If any one writer stands at the heart of American literature it is Mark Twain. With his wild head of hair, thick mustache, and brilliant white suit, he is more recognizable than any living writer, and in his time he was, as he himself put it, "the most conspicuous person on the planet." He iscertainly America''s most popular writer--arguably the most popular American writer the world over--and the greatest humorist we have ever known, a marvelous teller of tall tales, a genial entertainer, a consistently quotable sage. He is also one of our finest satirists, who penned withering attackson hypocrisy and corruption (he once said he wrote with "a pen warmed up in hell") and in his most serious works, such as Huckleberry Finn and Pudd''nhead Wilson, he cast a profound light on the darkest recesses of the nation''s psyche. The twenty-nine-volume Oxford Mark Twain is a major literary event. In addition to gathering together a superb collection of Twain''s works, editor Shelley Fisher Fishkin has commissioned some of our most eminent living writers to introduce each volume with their personal insights andexperiences of Twain. Readers will find, for instance, Toni Morrison reflecting on Huckleberry Finn, Kurt Vonnegut on Connecticut Yankee, Arthur Miller on Twain''s Autobiography, Roy Blount Jr. on The Celebrated Jumping Frog of Calaveras County, E.L. Doctorow on Tom Sawyer, Willie Morris on Life onthe Mississippi, Garry Wills on Christian Science, and Cynthia Ozick on The Man that Corrupted Hadleyburg and Other Stories and Essays. Other writers include Gore Vidal, Ursula K. Le Guin, George Plimpton, Ward Just, Russell Banks, Bobbie Ann Mason, Malcolm Bradbury, Nat Hentoff, Sherley AnneWilliams, Justin Kaplan, Walter Mosley, Erica Jong, Judith Martin ("Miss Manners"), David Bradley, Frederick Pohl, Mordecai Richler, Lee Smith, Anne Bernays, Charles Johnson, Fred Busch, and actor Hal Holbrook (who introduces Twain''s collected speeches). And each volume includes an afterword by anoted scholar--such as Louis J. Budd, Victor A. Doyno, Leslie A. Fiedler, James A. Miller, Linda Wagner-Martin, Forrest Robinson, M. Thomas Inge, Fred Kaplan, Susan Harris, and David L. Smith--who place the work in the context of Twain''s career and the literary and social climate of the time. Ineffect, the set gathers together an literary who''s who, all of whom reflect on what Mark Twain''s work means to them as writers and scholars, and what he means to our literary history and to our culture as a whole. Taken together, these introductions and afterwords provide a major reevaluation ofTwain, allowing readers to see his work in fresh ways. But of course the most important thing is the work itself. Here is the full range of Twain''s remarkably prolific career, including The Celebrated Jumping Frog of Calaveras County, The Innocents Abroad, Roughing It, The Adventures of Tom Sawyer, A Tramp Abroad, The Prince and the Pauper, Life onthe Mississippi, Adventures of Huckleberry Finn, A Connecticut Yankee in King Arthur''s Court, The Tragedy of Pudd''nhead Wilson, The Man that Corrupted Hadleyburg, The Million Pound Banknote, Following the Equator, and Extracts from Captain Stormfield''s Visit to Heaven. Readers will find freewheelingparodies and burlesques, Twain''s inimitable travel pieces, rich and complex portraits of childhood along the Mississippi, ghost stories and detective stories, irreverent lampoons of corrupt politicians, dark ruminations on the nature of humanity, and sharp-tongued editorials on the events of his day(such as Belgian imperialism in Africa or anti-Semitism in Vienna). Many of the works included here--such as Sketches, New and Old, A Tramp Abroad, The American Claimant, Is Shakespeare Dead? and Joan of Arc--have not been readily available for decades. Equally important, The Oxford Mark Twain is a facsimile of the first American editions of Twain''s work, and includes all the original illustrations, some of which were drawn by Twain himself, and many of which have not been seen since these editions went out of print. Moreover, in each volumecontaining art, Fishkin has commissioned an essay on that volume''s illustrations and the artists responsible. Captivating in themselves, these illustrations add an extra dimension to the narratives that has been missing for a hundred years. Each volume also includes, as its frontispiece, a speciallyselected photo of Twain around the age he was when he wrote the book at hand. The Oxford Mark Twain is an unprecedented undertaking and a cause for celebration. Colorful, irreverent, romantic, skeptical, a master of comic asides, a bittersweet humorist, and an unflinching critic of human pretensions, Mark Twain speaks to us across time with verve and wisdom. Combiningthe works themselves, reflections on Twain by some of our leading writers and scholars, and the original illustrations--all at a very affordable price--this superb twenty-nine-volume set will be treasured by everyone.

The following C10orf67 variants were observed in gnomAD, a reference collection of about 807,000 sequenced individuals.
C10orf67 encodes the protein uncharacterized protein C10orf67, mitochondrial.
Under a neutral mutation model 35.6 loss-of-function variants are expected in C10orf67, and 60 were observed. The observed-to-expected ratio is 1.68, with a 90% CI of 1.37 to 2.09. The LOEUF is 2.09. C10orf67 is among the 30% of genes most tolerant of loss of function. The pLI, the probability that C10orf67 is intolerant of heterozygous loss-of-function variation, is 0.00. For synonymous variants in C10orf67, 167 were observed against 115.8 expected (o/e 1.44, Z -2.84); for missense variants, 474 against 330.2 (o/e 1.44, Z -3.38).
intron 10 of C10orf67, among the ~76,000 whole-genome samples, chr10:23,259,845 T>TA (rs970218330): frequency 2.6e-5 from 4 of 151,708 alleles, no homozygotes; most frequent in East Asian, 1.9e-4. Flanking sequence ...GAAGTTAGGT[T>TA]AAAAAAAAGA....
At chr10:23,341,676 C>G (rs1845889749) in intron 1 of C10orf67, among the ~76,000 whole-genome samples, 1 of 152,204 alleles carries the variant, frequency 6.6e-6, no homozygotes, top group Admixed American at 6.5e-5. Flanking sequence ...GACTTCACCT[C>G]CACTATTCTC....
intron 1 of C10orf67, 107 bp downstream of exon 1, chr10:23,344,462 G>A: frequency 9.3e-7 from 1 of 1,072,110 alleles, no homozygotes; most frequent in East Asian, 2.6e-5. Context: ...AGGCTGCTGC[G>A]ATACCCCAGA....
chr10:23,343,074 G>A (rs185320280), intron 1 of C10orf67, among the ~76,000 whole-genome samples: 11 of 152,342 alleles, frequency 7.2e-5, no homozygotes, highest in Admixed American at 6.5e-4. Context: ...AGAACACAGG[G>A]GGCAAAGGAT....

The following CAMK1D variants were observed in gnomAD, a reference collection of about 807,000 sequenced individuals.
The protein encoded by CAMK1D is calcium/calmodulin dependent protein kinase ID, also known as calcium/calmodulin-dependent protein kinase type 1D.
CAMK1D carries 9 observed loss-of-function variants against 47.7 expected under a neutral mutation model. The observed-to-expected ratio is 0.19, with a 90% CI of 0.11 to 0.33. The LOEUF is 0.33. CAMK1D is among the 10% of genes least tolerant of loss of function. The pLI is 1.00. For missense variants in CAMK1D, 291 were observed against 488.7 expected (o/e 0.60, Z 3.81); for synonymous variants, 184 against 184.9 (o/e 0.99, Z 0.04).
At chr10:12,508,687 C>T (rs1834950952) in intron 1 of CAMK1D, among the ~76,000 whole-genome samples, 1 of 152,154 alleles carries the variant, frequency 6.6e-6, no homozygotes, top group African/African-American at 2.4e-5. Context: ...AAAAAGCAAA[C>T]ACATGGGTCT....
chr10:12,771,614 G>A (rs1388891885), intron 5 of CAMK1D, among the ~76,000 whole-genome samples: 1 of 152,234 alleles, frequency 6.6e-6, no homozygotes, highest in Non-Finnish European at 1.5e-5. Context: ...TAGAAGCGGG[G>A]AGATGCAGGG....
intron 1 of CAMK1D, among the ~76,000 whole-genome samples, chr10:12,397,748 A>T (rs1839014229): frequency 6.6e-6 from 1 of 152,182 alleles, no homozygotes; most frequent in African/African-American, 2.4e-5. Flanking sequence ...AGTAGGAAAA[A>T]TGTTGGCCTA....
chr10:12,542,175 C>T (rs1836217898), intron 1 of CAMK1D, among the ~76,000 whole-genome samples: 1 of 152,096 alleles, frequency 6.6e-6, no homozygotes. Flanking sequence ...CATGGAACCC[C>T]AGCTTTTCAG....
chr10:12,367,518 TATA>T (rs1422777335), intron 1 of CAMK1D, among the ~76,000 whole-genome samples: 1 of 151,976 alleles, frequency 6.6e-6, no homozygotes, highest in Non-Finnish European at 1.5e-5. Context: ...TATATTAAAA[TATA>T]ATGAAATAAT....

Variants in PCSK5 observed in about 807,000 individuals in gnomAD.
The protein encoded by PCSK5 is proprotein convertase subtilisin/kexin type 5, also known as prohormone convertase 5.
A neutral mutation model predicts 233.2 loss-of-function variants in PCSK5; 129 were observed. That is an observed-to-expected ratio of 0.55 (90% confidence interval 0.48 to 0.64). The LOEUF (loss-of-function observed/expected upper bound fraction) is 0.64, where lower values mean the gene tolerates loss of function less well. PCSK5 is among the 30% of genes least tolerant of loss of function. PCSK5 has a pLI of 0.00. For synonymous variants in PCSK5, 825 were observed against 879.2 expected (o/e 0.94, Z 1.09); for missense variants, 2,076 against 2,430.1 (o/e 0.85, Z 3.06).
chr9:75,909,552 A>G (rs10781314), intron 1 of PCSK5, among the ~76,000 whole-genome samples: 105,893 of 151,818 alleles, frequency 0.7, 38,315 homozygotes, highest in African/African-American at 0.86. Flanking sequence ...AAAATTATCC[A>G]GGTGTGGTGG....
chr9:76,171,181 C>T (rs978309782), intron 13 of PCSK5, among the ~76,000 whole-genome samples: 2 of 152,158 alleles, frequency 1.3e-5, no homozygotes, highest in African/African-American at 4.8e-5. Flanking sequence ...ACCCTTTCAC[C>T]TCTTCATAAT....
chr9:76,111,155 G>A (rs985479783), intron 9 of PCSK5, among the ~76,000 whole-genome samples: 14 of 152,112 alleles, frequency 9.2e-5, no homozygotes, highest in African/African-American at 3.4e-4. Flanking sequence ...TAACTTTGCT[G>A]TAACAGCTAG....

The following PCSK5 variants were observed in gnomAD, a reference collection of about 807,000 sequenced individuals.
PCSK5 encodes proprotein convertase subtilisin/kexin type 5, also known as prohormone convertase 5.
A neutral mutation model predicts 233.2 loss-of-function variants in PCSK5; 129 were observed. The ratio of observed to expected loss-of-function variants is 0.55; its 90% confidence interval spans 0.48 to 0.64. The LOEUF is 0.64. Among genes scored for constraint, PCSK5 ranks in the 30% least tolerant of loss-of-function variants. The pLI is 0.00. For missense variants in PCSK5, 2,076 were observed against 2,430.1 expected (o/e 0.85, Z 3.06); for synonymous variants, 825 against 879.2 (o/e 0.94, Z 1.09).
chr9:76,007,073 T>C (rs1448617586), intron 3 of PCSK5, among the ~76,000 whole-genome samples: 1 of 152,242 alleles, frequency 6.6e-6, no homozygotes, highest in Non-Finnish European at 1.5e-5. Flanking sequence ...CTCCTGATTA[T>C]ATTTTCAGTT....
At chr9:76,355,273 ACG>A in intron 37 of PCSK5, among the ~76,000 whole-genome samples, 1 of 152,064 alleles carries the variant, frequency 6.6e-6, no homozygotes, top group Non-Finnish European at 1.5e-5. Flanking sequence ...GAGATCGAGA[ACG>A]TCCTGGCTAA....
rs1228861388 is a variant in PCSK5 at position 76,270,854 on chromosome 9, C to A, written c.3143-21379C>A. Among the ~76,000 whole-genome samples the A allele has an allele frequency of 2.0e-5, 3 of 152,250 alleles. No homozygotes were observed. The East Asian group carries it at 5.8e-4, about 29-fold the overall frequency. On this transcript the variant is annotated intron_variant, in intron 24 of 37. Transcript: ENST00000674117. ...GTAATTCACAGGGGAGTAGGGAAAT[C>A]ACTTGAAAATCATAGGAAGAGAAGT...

Author Notes

Mark Twain was born Samuel L. Clemens in Florida, Missouri on November 30, 1835. He worked as a printer, and then became a steamboat pilot. He traveled throughout the West, writing humorous sketches for newspapers. In 1865, he wrote the short story, The Celebrated Jumping Frog of Calaveras County, which was very well received. He then began a career as a humorous travel writer and lecturer, publishing The Innocents Abroad in 1869, Roughing It in 1872, and, Gilded Age in 1873, which was co-authored with Charles Dudley Warner. His best-known works are The Adventures of Tom Sawyer, Mississippi Writing: Life on the Mississippi, and The Adventures of Huckleberry Finn. He died of a heart attack on April 21, 1910.

(Bowker Author Biography)